Emily’s Fund “Simply Staying Afloat” Grants

  • Emily List.   SUBMITTED PHOTO

For the Gazette
Published: 6/22/2020 10:07:38 AM

The Emily List Fund for nine years has awarded grants to performing artists working on specific projects with those who are disadvantaged. 

These projects unfold one dance, one play, one song at a time in offices, town halls and theaters — always with people working together and often with an audience.  

But what happens when a pandemic eliminates these live projects for those who already are dealing with major difficulties like sickness, poverty, disability or mental illness? 

What happens when they can’t experience in person these projects that make their lives better and brighter?

The pandemic has forced the performing artists we support to find creative ways to make a difference, to shift high-touch programs to high tech — and to stay alive even without live programs.

They’re on a new journey, and Emily’s Fund is going with them. 

The Fund was established in 2012 in memory of Emily List, an actor, dancer and lover of the performing arts, who lost her life to a rare form of cancer at 26. In its first nine years, it will have awarded $60,000 in grants of $1,000 or more to 25 groups, many of them local and all of them now looking to find new ways forward. 

In recognition of their efforts, Emily’s Fund is giving $1,000 grants to five groups we’ve supported multiple times in past years to help sustain them as they work to stay useful and relevant to those they serve.  

Whole Children regularly gives teens and young adults with intellectual and developmental disabilities the opportunity to explore their passion for acting, dancing and singing by creating and rehearsing shows, which are then staged to sold-out audiences. Valle Dwight, director of development and communications, says these performances demonstrate to the community “that people with disabilities should not be relegated to the sidelines in theater or in life.” The March 2020 show, “What a Feeling,” had to be canceled a week shy of opening night, but Dwight says the goal is to reboot it in 2021. And in the meantime, day programs are offering online classes and support.   

Enchanted Circle Theater works with schools in Holyoke and Springfield to create and perform original theater pieces linked to curriculum. Executive Director Priscilla Kane Hellweg says: “Our award-winning arts integration programs ... expand the way teachers teach and students learn.” Enchanted Circle currently is working to make arts-inspired education accessible remotely in western Massachusetts for children in its school-based programs. Until schools can reopen, students can access arts integrated lessons in math, science, social studies and English language arts on their digital platforms.  

The SciTech Band, “The Pride of Springfield,” and Director Gary Bernice have built a high-energy, high-quality band in a city with the sixth-highest child poverty rate in the United States. The band has created “an environment through music that challenges and motivates students to strive for excellence in all facets of their lives.” Since January 2007, it’s grown from 20 students to more than 500, and those who join the band for more than one year are three times more likely to stay in school. Everyone wants to get the band back together but until that happens, SciTech is teaching students how to play their instruments on a distance learning teaching channel.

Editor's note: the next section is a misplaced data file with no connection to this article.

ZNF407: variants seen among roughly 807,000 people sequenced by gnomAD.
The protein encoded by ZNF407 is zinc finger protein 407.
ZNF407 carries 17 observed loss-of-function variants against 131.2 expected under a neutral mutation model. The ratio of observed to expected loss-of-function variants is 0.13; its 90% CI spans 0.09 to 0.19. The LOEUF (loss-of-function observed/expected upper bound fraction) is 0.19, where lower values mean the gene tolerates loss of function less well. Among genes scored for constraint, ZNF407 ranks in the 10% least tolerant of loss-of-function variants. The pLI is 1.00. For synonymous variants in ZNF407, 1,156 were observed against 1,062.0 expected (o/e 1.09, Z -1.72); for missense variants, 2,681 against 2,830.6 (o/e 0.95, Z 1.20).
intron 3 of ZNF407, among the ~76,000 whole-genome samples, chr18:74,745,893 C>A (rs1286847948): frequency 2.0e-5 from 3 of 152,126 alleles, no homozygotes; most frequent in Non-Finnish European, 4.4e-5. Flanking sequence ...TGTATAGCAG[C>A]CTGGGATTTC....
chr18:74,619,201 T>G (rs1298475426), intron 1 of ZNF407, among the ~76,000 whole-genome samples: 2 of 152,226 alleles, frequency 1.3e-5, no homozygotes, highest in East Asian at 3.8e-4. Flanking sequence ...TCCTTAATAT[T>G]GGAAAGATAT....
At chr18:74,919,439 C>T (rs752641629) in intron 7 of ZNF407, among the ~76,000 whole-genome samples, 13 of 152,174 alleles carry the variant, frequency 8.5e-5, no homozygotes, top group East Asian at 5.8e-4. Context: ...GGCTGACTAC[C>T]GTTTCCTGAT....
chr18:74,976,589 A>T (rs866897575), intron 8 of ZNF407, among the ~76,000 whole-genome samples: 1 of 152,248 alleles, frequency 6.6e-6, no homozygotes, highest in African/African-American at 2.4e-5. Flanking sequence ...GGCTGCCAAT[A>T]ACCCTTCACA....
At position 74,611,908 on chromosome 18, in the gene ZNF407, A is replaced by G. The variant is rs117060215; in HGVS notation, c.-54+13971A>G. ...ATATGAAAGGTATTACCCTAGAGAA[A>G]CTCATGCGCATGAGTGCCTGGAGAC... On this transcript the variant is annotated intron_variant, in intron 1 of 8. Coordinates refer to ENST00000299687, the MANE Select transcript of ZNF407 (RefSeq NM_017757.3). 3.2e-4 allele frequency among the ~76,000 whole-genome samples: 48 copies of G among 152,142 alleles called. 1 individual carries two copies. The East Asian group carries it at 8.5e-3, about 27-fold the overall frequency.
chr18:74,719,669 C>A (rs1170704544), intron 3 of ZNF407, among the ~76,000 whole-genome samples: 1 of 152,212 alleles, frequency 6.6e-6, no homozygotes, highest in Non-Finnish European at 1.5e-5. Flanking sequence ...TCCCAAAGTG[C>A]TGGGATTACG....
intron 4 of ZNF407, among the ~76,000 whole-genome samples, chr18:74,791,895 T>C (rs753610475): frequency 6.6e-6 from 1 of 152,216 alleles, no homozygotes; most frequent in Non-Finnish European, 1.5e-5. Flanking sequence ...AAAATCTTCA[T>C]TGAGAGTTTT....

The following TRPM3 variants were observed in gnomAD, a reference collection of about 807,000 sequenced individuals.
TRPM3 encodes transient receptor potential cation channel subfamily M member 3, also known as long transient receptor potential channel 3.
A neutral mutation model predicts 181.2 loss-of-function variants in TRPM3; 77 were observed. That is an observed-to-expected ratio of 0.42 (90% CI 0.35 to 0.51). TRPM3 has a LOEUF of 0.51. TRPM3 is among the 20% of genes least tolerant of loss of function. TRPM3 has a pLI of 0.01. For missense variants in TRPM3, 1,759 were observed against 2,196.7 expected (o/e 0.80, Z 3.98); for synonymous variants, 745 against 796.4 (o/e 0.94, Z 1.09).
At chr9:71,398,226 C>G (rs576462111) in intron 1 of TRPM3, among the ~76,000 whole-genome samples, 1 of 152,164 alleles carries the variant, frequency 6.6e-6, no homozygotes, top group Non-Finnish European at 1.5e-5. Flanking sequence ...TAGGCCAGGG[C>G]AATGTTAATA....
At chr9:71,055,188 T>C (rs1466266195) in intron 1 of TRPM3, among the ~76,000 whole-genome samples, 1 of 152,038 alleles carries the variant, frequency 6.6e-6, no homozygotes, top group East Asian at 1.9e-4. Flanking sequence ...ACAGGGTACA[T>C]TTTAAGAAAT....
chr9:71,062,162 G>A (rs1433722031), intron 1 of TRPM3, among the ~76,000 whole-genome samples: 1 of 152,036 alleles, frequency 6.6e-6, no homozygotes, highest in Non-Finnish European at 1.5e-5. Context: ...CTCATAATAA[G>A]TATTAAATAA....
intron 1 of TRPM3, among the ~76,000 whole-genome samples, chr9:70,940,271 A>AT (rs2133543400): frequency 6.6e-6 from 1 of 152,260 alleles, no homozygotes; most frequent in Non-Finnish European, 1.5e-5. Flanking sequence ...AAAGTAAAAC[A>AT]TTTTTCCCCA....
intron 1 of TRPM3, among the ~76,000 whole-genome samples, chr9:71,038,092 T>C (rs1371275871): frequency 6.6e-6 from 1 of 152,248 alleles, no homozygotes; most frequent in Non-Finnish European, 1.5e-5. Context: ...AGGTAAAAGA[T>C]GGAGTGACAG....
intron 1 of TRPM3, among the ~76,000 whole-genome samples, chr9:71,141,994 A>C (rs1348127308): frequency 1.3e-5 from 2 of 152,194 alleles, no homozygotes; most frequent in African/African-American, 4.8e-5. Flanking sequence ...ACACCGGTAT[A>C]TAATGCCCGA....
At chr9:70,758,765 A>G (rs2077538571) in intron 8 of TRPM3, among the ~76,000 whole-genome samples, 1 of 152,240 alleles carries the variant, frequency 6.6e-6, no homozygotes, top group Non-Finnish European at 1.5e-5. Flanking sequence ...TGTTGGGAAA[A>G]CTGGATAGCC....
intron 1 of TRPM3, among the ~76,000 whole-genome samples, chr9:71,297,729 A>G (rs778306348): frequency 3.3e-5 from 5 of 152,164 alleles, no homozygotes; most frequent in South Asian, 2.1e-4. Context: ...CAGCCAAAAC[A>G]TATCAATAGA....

Born Dancing, Inc., led by founder Melissa van Wijk, provides high-level dance instruction for students with disabilities and other underserved communities. The group produces original full-scale performances in which students with physical and intellectual disabilities appear with professional dancers, who teach classes that transition into its productions. The students perform and work with professionals on every aspect of design and production of the shows. Van Wijk had to cancel the May performance at New York’s Flea Theater, but she still has hope for the December show, and she’s sharing videos of the dancers at work in their homes.  

The Me2/Orchestra, a classical music ensemble based in Boston, is comprised of musicians from 8 to 86 with mental health issues. This one-of-a-kind ensemble performs together “with acceptance, patience and support” at rehabilitation centers, correctional facilities and other venues — and now offers some virtual rehearsals and concerts. The orchestra, founded by Music Director and Conductor Ronald Braunstein, is the subject of a documentary to be shown on public television this fall: “Orchestrating Change: a film about the world’s only orchestra for people living with mental illness.”   

Me2 Executive Director Caroline Whiddon says the shift from in-person to online has not been easy: “Not only are we navigating how to best serve our musicians and audiences during a pandemic — we are also strategizing how to simply stay afloat.”

So 2020, we’ve decided, will be the year of Emily’s “Simply Stay Afloat Grants.”

Not so simple really, but in this time of pandemic and racial strife, shouldn’t we all be helping each other stay afloat?

Karen List is Emily’s mom and a professor in the UMass Journalism Department. For more information, visit emilylistfund.com.


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